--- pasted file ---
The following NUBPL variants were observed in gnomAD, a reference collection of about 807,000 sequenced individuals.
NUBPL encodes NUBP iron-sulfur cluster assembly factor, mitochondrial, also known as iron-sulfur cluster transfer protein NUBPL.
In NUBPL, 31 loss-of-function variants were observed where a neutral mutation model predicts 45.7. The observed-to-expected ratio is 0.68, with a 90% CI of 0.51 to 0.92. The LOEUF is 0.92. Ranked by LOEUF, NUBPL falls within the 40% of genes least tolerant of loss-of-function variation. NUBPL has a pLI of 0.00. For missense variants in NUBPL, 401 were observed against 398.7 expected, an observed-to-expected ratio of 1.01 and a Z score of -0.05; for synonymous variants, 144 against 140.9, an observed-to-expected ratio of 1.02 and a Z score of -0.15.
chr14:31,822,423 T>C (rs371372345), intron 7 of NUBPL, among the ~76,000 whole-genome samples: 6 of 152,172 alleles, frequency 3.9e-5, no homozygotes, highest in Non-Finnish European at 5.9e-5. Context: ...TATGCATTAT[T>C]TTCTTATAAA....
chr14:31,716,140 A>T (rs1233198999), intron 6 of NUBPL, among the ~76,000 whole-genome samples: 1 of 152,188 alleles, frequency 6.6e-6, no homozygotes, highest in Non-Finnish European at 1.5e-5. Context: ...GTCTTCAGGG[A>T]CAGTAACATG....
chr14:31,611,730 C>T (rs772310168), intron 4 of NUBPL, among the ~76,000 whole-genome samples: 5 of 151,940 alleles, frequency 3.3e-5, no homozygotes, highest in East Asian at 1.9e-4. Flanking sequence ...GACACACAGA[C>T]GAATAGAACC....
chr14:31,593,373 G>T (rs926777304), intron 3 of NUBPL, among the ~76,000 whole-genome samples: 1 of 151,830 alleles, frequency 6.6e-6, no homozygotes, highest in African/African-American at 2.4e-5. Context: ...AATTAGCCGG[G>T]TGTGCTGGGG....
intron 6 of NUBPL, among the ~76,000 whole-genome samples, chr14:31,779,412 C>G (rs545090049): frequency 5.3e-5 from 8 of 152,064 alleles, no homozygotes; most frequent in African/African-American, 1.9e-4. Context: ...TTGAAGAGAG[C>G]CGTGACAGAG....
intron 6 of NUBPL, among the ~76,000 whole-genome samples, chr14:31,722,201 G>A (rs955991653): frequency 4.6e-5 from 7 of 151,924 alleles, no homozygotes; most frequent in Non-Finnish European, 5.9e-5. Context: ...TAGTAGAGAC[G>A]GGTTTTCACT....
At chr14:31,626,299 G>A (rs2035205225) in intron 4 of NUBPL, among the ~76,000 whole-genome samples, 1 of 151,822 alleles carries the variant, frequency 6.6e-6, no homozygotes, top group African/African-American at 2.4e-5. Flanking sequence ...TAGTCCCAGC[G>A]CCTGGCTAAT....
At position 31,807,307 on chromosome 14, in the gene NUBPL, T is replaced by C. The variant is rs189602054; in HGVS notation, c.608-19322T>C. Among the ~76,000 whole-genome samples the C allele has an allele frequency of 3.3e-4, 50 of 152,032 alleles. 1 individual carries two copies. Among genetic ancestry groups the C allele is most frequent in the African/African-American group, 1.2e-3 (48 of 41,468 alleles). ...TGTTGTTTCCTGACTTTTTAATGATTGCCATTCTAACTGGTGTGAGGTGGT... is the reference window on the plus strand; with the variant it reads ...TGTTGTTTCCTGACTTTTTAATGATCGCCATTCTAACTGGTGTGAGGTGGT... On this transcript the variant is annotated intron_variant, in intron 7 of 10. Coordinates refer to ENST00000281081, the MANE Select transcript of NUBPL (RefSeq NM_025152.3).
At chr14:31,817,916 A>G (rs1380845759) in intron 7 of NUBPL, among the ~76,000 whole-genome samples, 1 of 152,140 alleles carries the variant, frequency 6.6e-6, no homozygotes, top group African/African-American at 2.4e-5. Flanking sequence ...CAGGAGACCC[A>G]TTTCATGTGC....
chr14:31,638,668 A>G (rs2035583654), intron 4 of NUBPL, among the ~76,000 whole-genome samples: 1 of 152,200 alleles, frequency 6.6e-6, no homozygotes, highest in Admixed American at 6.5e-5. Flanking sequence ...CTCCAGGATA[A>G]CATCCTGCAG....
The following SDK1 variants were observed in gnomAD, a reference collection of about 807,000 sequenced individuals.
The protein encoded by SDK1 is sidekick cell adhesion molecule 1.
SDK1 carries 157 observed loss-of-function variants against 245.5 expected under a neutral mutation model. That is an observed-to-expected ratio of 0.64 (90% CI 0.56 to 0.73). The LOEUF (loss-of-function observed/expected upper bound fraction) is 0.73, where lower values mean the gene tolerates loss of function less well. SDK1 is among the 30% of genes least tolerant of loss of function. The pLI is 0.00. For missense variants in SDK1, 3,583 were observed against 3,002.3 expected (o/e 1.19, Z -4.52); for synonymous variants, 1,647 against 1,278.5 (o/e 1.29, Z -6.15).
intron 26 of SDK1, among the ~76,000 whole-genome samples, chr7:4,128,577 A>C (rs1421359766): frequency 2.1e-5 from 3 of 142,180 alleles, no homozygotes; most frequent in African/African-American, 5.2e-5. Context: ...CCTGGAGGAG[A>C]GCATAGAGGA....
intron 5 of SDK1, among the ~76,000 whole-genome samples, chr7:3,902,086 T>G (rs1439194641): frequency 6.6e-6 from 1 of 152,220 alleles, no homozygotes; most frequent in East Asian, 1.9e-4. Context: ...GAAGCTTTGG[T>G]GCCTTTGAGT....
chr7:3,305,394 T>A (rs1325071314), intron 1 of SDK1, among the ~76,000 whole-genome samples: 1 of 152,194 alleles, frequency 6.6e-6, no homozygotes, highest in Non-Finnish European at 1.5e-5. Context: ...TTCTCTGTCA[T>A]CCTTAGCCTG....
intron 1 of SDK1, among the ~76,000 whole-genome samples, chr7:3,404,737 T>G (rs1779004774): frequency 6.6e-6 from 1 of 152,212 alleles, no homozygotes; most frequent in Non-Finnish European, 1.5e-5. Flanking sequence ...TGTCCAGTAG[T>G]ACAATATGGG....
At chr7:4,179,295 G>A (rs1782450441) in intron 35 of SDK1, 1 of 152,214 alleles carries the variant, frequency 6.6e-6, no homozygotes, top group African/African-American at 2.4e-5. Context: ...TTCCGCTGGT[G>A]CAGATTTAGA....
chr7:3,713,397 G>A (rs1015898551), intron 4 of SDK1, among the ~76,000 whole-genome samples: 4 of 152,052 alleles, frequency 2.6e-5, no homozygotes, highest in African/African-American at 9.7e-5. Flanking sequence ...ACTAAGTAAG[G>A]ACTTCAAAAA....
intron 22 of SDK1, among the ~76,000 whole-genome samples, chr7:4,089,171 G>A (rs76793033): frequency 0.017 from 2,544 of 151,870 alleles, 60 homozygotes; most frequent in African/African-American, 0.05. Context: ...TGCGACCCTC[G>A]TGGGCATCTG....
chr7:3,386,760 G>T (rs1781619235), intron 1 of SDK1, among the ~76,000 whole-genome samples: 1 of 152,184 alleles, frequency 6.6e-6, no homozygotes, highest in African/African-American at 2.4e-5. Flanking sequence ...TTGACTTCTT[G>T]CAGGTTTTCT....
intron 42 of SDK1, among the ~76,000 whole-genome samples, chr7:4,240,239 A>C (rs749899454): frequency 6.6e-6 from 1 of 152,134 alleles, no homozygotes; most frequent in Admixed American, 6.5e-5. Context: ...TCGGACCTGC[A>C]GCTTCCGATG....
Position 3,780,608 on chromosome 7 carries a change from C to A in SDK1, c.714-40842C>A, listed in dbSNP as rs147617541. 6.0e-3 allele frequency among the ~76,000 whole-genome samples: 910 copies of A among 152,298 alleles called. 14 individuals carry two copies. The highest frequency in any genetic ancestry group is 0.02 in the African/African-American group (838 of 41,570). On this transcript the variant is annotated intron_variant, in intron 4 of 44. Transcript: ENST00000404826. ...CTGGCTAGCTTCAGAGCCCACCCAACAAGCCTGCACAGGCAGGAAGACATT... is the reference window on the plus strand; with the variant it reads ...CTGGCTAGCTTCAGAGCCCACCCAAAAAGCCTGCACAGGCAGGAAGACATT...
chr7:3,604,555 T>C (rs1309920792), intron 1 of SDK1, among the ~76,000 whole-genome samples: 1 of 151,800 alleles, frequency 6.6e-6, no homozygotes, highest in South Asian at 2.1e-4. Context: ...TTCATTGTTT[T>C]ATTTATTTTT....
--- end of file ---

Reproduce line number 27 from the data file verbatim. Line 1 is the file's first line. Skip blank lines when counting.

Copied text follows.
chr7:3,604,555 T>C (rs1309920792), intron 1 of SDK1, among the ~76,000 whole-genome samples: 1 of 151,800 alleles, frequency 6.6e-6, no homozygotes, highest in South Asian at 2.1e-4. Context: ...TTCATTGTTT[T>C]ATTTATTTTT....